Today’s heading photo, available as an 8×10 print, is a view looking west along Route 66 at the end of Kingman Canyon. It is a view I never tire of even though it has been a major part of my life since 1966.
Of course it wasn’t this empty then, after all this was the Main Street of America in a state of transition. At this point on Route 66 it was still 1939 but just a couple of miles to the west you picked up the four lane that was the ghost of Christmas future.
Shortly after rolling into Kingman in the summer of 1966, dad bought a house at the bottom of the valley between Sacramento and Secret Pass Wash right on the pre 1952 alignment of Route 66 now designated as Oatman Road. The house was really a block constructed shell that had started as a model home for one of the land boondoggles that swept the area in the early 1960s.
We were modern pioneers in every sense of the word. Initially we had no electricity but this was resolved in the first month. We hauled our water, dad found a job in the Duvall mines, and on weekends he transformed the rough hewn shell into a pretty decent little home.

Site of Fig Springs Station
At this point in time vestiges from the highways glory days were still rather plentiful. Directly across the street was an abandoned wrecking yard that served as a source of parts for the numerous desert rats who lived in the valley and drove ancient trucks and cut down cars. With the exception of the snakes and scorpions it was an incredible place to play that, in retrospect, played a key role in the future development of my passion for vintage iron.
At first we hauled our water from the Campa’s place, the old Oasis station/cafe/dance hall that still stands near the intersection of Oatman and Shinarump Road. With a perfected system that included a massive World War II era Dodge tanker, we began hauling water from the tank at the site of the old Fig Springs station.

When Jack Rittenhouse stopped here in 1946 the facility built by the Bonelli family was closed. Upon our arrival there was little left but a concrete slab, a few tumble down columns, twisted roofing tin, and a kids playhouse built in the shape of the station that served as a home for pack rats and was subsequently filled with cholla balls.
Little has changed in the past 45 years. On a recent visit we found the empty slab and the columns as I remembered them. The play house was gone, the tank was dry, but the view, the smell of the greasewood, and the whispering breeze that carried the voices of the past still remained.
We tried hauling water from the Kings Dairy, directly to the south of Cool Springs, but the road proved to be rough. Even as a kid, I loved the site of the old dairy with its ruins and stunning view of the valley that unfolded below with the towering Hualapai Mountains as a backdrop.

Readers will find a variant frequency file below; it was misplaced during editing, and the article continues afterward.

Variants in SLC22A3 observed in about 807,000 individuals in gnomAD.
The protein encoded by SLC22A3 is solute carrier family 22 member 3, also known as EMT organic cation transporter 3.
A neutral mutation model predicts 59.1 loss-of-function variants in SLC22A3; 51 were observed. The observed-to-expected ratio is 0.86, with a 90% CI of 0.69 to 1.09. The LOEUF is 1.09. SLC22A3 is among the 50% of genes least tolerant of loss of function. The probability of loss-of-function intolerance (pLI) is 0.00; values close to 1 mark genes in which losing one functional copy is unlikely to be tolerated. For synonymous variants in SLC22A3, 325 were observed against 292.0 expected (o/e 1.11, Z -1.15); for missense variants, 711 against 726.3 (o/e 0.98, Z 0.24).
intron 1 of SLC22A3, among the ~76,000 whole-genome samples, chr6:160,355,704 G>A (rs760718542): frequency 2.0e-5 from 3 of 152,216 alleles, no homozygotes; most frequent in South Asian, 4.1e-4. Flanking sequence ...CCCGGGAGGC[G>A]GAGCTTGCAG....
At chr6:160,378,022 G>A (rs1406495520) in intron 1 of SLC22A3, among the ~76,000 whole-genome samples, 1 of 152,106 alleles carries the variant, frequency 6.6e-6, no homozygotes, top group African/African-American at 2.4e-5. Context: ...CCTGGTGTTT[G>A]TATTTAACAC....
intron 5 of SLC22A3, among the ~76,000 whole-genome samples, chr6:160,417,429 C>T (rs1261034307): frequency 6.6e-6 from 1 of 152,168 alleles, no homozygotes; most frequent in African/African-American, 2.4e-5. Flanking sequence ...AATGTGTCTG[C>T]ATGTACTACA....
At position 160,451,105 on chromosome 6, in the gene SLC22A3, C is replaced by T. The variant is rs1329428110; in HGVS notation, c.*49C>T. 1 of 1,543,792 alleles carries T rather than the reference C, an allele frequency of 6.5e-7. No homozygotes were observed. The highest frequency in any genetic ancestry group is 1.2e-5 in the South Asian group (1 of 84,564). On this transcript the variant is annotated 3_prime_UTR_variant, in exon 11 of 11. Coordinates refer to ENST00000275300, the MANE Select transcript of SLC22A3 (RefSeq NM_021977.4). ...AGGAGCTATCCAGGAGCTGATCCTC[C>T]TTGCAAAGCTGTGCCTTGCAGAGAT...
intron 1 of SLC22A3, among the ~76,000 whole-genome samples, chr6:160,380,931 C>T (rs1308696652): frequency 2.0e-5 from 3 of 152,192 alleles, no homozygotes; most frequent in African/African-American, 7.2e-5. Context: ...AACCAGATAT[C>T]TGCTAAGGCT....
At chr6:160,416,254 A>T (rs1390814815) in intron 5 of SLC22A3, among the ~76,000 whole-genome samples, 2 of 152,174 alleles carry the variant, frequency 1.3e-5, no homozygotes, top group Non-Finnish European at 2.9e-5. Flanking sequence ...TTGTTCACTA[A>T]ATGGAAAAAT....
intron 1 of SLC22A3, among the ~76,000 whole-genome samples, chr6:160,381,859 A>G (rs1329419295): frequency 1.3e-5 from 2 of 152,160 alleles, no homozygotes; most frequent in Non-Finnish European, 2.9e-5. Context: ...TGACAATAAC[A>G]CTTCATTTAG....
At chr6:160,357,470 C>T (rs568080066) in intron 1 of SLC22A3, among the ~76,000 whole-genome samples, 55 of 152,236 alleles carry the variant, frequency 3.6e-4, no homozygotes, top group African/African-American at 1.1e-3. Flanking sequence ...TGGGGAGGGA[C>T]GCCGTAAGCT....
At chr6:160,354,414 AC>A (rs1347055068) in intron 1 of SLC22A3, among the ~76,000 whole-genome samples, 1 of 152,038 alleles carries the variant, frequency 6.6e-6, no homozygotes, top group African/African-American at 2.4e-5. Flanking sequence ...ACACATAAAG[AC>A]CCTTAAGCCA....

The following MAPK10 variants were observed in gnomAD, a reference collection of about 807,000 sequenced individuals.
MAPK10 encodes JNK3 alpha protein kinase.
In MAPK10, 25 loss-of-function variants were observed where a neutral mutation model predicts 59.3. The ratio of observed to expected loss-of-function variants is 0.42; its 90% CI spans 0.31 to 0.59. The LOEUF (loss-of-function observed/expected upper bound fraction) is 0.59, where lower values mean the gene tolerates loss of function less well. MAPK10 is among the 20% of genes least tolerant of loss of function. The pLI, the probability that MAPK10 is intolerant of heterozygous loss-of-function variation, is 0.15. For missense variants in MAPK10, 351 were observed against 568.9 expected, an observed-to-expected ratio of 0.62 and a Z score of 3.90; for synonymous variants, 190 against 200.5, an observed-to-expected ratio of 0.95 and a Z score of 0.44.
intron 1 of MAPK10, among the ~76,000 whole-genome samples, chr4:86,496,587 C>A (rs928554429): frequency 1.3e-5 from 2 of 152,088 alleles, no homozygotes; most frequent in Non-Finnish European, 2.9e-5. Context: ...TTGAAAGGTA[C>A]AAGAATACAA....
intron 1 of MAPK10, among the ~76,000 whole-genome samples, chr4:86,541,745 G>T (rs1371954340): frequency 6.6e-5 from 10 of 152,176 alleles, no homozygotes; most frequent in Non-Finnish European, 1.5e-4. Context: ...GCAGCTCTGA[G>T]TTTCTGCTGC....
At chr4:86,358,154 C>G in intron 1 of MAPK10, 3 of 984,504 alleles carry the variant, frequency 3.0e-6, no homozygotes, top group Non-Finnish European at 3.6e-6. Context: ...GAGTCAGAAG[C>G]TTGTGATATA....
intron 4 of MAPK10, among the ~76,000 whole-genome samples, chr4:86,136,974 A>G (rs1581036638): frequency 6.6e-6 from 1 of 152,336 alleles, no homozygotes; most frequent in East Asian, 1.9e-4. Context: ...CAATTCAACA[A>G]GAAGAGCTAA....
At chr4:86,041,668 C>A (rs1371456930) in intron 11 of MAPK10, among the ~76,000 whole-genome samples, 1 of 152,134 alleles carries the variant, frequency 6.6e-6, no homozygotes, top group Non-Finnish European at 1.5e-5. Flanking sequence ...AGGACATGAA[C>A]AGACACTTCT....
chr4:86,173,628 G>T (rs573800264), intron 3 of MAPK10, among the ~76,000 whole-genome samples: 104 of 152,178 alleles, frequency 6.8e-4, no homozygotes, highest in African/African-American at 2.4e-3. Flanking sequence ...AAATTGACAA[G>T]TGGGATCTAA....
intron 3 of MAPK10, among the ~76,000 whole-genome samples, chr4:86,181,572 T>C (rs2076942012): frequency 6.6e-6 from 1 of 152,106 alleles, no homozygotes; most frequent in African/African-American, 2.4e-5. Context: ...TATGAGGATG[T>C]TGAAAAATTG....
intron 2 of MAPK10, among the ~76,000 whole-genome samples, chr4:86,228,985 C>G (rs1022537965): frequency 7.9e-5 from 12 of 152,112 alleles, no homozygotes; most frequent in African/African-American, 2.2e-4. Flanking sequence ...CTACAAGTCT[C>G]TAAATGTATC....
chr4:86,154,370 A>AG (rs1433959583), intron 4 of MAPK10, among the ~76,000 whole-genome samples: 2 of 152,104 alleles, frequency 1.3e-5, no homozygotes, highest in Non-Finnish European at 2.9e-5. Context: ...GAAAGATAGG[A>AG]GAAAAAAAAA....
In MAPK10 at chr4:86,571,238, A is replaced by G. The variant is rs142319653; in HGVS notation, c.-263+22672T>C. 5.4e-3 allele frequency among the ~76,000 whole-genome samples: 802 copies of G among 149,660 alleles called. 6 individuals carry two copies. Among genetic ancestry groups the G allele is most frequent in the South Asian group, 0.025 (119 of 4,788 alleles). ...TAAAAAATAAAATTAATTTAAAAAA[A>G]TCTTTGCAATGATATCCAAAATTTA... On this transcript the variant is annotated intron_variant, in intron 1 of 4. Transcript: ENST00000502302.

My first solo camping trips were to this site and the various springs in the canyon behind it. The dog and I would leave early in the morning and follow Route 66 to a point near the Little Meadows Wash and then set out across the vast fields of stones.
When I first moved to this forlorn, empty, and somewhat scary corner of the world it seemed to be the place warned of in Sunday school. Of course, I was just a kid and my experiences had been with the forested hills of southern Tennessee and north Alabama, and the farmlands of Michigan.
I am not sure when the transition occurred but by the age of 13, I was hopelessly in love with this wild and rugged land. When the world presses in as it has this past few weeks, I think of those camping trips, the comforting silence, the solitude, and awe inspiring wonder of watching the shadows of morning and evening creep across the valley.
I introduced my dearest friend to this little hide away on our first camping trip. At the time I drove an old ’70 Chevy truck and the return trip was, to say the very least, an adventure as the steep, rocky, washed out road was just about to much for that old truck.
Today, I would be hard pressed to take the Jeep into the canyon. So, now we have the excuse for long walks.
Every kid in the valley drove long before they had a license and I was no exception. With my dad’s old ’53 Chevy truck, and a hunger fueled by tales told by Ed Edgerton, the founder of Ed’s camp that kept us supplied with resh tomatoes, I wandered the deserts and into the foothills of the rugged Black Mountains.
Fig Springs and Dripping Springs, Cave Springs and Warm Springs, all became my private hideouts. These were grand times.
We left Arizona, moved to New Mexico, I discovered an even more amazing place in Silver City, and then we moved back to Michigan. My hunger fort he deserts of the southwest was so all consuming that I never attended graduation. As soon a school was finished, I provided an address for the mailing of my diploma and worked my way back to Arizona by helping dad relocate the family, again.
The rest, as they say, is history. From that date to this very day it is the deserts and mountains of Arizona and New Mexico that I have called home.
I entertain flights of fancy about moving to Alaska and that is a frontier that will have to be experienced. But it is the deserts that hold my heart, and it is the majesty of the vast landscapes of the southwest where I feel closest to my creator.

If you enjoy Jim Hinckley\'s America, take a second to support jimhinckleysamerica on Patreon!